Wisconsin: A Guide to the Badger State

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Recreation

OVER the whole northern half of Wisconsin lies a forest wilderness, smelling of pine pitch and brush fires, where rivers thunder across trap-rock ledges or flow quietly on clean sand beds. The land is pitted with swamps, hidden ponds, and uncounted lakes, and wildlife abounds in both the uplands and the lowlands. A third of the northern boundary juts out into Lake Superior, in the disconnected series of the Apostle Islands. Southeastern Wisconsin, in contrast, is now a farmland, cleared and plow-broken, between mazes of lakes and a labyrinth of drumlin chains. Here corn and bluegrass wave and the countryside is patched with mild wooded ridges, groves, reedy creeks.

Bordering the entire eastern length of the State are the cold green waters of Lake Michigan, split to the north by the slim thumb of the Door County Peninsula. In the southwest sprawls the coulee country, steep and irregular, veined by streams, rivulets, and rivers -- tributaries of the Mississippi. Apple orchards smother the ridges with pink and white blossoms, and the highways rise and circle high above slopes of sugar bush and abandoned ginseng beds. The Mississippi moves slowly here, in a broad 250-mile path that divides Wisconsin from Minnesota and Iowa.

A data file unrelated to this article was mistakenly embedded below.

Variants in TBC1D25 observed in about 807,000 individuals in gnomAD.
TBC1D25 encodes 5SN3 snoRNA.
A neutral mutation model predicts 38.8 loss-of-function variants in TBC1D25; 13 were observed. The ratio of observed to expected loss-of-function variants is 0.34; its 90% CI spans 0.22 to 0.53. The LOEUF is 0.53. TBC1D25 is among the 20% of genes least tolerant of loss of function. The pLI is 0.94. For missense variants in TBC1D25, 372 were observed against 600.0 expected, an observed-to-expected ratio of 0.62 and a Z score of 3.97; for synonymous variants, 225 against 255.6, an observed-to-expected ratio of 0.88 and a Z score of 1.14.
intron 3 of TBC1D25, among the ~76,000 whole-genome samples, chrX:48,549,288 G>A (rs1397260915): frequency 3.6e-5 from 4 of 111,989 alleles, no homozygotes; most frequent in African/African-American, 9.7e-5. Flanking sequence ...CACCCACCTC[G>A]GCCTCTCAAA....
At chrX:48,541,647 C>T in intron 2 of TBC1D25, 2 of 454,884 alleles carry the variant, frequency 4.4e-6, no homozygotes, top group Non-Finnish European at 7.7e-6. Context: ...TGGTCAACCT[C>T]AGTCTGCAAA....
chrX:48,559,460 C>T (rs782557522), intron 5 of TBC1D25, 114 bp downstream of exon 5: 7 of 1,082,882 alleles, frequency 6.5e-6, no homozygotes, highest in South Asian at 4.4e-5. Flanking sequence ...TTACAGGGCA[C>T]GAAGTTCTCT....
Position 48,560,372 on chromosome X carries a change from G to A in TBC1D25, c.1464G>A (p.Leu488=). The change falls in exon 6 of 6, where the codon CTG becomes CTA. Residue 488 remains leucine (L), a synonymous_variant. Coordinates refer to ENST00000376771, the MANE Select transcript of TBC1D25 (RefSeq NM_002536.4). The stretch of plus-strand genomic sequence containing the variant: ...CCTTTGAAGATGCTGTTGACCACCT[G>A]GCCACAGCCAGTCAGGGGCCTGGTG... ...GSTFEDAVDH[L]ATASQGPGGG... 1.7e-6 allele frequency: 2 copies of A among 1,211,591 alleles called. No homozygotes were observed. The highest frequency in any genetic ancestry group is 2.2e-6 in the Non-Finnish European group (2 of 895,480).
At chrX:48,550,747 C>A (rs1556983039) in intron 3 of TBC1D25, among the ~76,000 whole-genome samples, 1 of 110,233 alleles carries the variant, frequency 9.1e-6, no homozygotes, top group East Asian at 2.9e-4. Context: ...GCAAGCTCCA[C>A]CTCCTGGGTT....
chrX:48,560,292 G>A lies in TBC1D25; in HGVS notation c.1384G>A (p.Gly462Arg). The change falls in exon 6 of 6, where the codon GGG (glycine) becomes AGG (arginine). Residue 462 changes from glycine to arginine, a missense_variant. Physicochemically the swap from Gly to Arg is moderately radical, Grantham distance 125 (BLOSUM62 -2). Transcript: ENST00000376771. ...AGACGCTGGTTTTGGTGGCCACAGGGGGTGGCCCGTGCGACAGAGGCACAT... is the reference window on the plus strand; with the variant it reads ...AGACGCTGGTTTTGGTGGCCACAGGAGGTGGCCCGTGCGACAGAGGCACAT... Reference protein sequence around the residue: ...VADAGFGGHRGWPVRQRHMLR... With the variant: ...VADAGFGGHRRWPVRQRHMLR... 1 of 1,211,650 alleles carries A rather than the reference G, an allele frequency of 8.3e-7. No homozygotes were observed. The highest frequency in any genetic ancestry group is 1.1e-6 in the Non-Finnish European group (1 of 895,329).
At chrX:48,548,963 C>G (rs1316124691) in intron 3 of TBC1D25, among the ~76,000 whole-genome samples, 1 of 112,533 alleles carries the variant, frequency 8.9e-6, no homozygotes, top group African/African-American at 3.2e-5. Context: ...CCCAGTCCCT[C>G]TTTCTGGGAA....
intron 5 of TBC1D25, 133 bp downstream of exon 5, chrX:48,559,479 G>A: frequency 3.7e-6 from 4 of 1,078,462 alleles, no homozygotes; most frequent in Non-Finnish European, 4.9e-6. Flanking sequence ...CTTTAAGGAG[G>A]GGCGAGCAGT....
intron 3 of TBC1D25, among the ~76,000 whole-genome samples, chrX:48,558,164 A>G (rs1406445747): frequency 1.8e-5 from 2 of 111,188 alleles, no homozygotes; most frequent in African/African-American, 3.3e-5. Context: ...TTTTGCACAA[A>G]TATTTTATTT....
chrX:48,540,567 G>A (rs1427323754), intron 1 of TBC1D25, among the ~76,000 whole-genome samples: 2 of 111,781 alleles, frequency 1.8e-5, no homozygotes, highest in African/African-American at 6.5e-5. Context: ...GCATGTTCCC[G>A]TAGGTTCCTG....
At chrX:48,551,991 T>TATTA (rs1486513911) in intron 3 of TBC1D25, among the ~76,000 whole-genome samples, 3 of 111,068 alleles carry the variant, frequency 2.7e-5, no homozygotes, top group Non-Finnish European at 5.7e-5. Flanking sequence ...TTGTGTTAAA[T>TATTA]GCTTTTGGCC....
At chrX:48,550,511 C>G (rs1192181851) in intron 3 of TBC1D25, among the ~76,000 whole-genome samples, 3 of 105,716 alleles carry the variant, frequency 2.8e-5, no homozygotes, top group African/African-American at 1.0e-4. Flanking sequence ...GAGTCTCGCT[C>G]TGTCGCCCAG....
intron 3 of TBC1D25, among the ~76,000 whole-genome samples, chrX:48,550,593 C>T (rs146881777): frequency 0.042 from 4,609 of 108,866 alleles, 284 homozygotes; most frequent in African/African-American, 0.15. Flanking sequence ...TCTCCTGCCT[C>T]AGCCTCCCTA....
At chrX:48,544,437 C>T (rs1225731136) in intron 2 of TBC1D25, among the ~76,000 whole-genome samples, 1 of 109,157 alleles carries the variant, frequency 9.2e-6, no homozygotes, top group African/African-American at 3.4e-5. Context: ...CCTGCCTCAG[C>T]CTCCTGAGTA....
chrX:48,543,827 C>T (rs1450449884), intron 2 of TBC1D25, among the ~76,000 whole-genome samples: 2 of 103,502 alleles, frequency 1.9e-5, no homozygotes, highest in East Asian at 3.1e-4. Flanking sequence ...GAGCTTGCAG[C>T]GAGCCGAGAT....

Recently Wisconsin has come to realize the possibilities of this natural scene as an important source of income. Already recreation brings in a revenue of about 250 million dollars annually and ranks high as a State industry. Its program is of two types, that undertaken by local, Federal, and State agencies, and that undertaken by individual promoters, real estate men, and chambers of commerce. The first type is recent in origin. Before 1936 individual steps towards a paying program of recreation were timid, balked on every hand by limited cash. Money was not available for extensive advertising, and such bulletins and pamphlets as were published by independent proprietors reached only scattered groups within the State. But since 1936, when the conservation commission established a recreational publicity department, the situation has changed rapidly. Concentrating on adding to the State income, and incidentally to private income, the publicity department began a scientific advertising campaign. Neighboring States, particularly in the corn belt, have become more aware of a countryside only a day's drive away that contrasts sharply with their own prairie-

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